- The Washington Times - Tuesday, April 24, 2001

The not so-well-known subtext to the current energy problems in California is the abandonment of nuclear power as a source of electrical generating capacity. Since the 1970s, the needlessly difficult process and endless legal challenges from anti-energy environmental groups have made it uneconomical to build new plants. Few have been built, particularly in the Western states. In fact, no new plant has been built since 1979.
However, up till now, the consequences of failing to make provisions, in terms of greater power generating capacity, have not been made manifest to the people who irrationally object to nuclear power. Now, the chickens have finally come home to roost, and the time has come to confront the bogeyman ginned-up by environmental zealots.
Abundant, affordable and clean energy is just what nuclear power could provide. No fossil fuels are consumed, no "greenhouse gasses" are emitted. And modern safeguards make nuclear power at least as safe, if not safer, than other forms of generating power. Indeed, the fact is that despite the hype surrounding the accident at the Three Mile Island plant in Pennsylvania more than 20 years ago, not a single person has been harmed, let alone killed, by nuclear power in this country. This contrasts mightily with the tens of thousands who have been killed, and the hundreds of thousands afflicted with diseases such as black lung and emphysema as a result of coal mining and other "dirty" means of developing energy.
Fact is beginning to win out over fiction. The Nuclear Regulatory Commission, which oversees the license process, says that existing plants will seek to renew their operating licenses instead. "We have even seen the first stirring of interest in the possibility of new nuclear plant construction in the United States, a thought that would have been inconceivable even a year ago," NRC Chairman Richard Meserve told The Washington Post.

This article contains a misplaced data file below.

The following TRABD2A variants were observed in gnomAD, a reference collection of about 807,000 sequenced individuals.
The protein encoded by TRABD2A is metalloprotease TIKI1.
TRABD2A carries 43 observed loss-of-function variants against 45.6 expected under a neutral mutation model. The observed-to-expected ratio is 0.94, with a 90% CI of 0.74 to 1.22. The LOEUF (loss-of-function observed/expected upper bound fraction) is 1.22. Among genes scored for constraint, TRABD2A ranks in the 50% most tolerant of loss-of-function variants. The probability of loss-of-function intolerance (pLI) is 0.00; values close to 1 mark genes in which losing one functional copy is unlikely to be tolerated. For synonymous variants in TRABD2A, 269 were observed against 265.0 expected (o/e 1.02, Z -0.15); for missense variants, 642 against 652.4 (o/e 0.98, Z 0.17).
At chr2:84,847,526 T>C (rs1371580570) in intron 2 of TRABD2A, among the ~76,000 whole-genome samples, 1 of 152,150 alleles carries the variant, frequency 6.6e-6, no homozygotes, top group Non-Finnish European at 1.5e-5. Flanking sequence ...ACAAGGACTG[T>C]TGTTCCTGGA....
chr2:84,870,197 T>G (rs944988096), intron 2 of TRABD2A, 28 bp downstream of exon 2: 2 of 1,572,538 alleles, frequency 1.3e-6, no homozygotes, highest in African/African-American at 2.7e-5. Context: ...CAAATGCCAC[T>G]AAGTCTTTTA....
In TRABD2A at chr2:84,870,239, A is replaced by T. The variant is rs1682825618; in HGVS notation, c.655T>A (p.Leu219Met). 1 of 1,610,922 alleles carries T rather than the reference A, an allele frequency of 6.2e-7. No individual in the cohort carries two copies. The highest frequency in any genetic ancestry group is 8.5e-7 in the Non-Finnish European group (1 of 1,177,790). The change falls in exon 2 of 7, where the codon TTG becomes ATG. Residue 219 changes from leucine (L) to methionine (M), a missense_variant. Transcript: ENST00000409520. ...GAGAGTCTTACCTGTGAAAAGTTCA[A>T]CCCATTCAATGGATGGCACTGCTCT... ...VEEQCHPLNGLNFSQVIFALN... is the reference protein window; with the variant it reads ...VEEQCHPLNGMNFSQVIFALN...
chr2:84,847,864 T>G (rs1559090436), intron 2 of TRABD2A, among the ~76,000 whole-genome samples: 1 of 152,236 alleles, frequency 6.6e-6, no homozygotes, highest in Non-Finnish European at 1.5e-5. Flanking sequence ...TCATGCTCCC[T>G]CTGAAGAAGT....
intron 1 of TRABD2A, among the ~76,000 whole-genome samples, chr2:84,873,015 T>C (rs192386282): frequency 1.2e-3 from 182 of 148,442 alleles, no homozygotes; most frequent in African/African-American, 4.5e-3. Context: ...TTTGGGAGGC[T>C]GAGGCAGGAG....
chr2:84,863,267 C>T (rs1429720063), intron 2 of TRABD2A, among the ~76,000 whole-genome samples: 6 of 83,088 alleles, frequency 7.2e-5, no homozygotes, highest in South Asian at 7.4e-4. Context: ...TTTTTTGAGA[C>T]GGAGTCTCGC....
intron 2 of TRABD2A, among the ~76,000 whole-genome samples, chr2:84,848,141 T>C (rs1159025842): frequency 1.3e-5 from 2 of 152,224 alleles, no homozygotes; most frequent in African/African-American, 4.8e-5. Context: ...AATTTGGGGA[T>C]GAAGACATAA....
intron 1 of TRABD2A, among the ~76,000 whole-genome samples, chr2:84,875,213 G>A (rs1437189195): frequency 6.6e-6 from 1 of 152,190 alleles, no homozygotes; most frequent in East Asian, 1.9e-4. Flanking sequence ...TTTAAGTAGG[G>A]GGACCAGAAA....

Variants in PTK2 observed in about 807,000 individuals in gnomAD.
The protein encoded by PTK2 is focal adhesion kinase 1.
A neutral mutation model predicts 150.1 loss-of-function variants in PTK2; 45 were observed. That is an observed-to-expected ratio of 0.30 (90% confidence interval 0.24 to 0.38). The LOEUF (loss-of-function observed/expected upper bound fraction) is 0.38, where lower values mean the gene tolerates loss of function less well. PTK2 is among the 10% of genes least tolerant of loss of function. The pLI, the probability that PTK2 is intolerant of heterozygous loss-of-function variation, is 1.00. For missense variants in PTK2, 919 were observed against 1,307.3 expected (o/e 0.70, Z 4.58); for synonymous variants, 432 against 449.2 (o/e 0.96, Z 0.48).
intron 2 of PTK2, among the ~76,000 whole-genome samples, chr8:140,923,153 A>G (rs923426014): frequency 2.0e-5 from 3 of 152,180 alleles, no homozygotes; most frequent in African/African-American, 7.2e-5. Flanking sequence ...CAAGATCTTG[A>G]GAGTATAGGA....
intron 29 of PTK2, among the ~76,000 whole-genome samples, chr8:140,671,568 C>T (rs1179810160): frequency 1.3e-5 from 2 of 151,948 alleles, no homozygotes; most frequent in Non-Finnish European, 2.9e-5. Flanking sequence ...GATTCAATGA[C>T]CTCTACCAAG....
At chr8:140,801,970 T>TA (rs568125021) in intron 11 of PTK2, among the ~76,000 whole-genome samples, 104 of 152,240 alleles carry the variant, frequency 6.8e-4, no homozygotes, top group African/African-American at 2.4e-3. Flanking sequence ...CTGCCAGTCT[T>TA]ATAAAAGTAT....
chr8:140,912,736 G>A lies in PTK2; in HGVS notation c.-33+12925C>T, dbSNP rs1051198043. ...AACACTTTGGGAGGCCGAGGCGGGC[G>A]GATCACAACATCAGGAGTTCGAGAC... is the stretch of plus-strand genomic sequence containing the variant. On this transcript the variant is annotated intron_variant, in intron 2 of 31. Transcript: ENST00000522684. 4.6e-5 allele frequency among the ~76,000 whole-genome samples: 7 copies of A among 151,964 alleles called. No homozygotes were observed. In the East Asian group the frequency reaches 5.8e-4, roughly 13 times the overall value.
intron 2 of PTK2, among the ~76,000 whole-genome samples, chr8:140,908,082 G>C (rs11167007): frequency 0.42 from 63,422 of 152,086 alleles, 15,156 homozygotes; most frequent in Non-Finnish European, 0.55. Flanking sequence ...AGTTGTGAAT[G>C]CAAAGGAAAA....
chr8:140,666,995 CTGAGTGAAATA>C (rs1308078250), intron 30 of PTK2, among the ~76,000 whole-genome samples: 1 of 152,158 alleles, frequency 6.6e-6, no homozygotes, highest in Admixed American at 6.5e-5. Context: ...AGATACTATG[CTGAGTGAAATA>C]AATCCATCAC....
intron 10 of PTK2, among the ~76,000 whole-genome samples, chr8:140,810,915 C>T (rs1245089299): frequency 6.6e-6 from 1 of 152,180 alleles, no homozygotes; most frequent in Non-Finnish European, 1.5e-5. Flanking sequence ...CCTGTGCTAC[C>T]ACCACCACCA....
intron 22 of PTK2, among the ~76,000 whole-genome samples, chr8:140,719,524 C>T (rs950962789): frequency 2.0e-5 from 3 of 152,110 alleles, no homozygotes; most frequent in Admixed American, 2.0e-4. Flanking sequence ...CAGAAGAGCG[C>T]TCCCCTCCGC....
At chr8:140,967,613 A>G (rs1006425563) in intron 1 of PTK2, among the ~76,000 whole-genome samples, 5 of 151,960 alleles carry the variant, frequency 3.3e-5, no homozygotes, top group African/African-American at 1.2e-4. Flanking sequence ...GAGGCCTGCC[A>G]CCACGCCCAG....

The Bush administration can speed things along by supporting a proposal to create a safe underground storage facility for spent nuclear fuel rods in a remote area of Nevada called Yucca Mountain. Activists have fought for years to prevent the opening of such a facility, but their objections are based on either irrational fears, an inability to understand the safeguards that have been designed, or an outright hostility to any solution that would reduce energy costs for average Americans.
Liberal intellectuals such as Amory Lovins have stated publicly that giving Americans access to cheap, abundant and renewable energy would be the equivalent of "giving an idiot child a machine gun." It was this hostility to an improved quality of life for average Americans that throttled nuclear power in the 1970s. Lets hope that in the dawning century, clearer thinking prevails.

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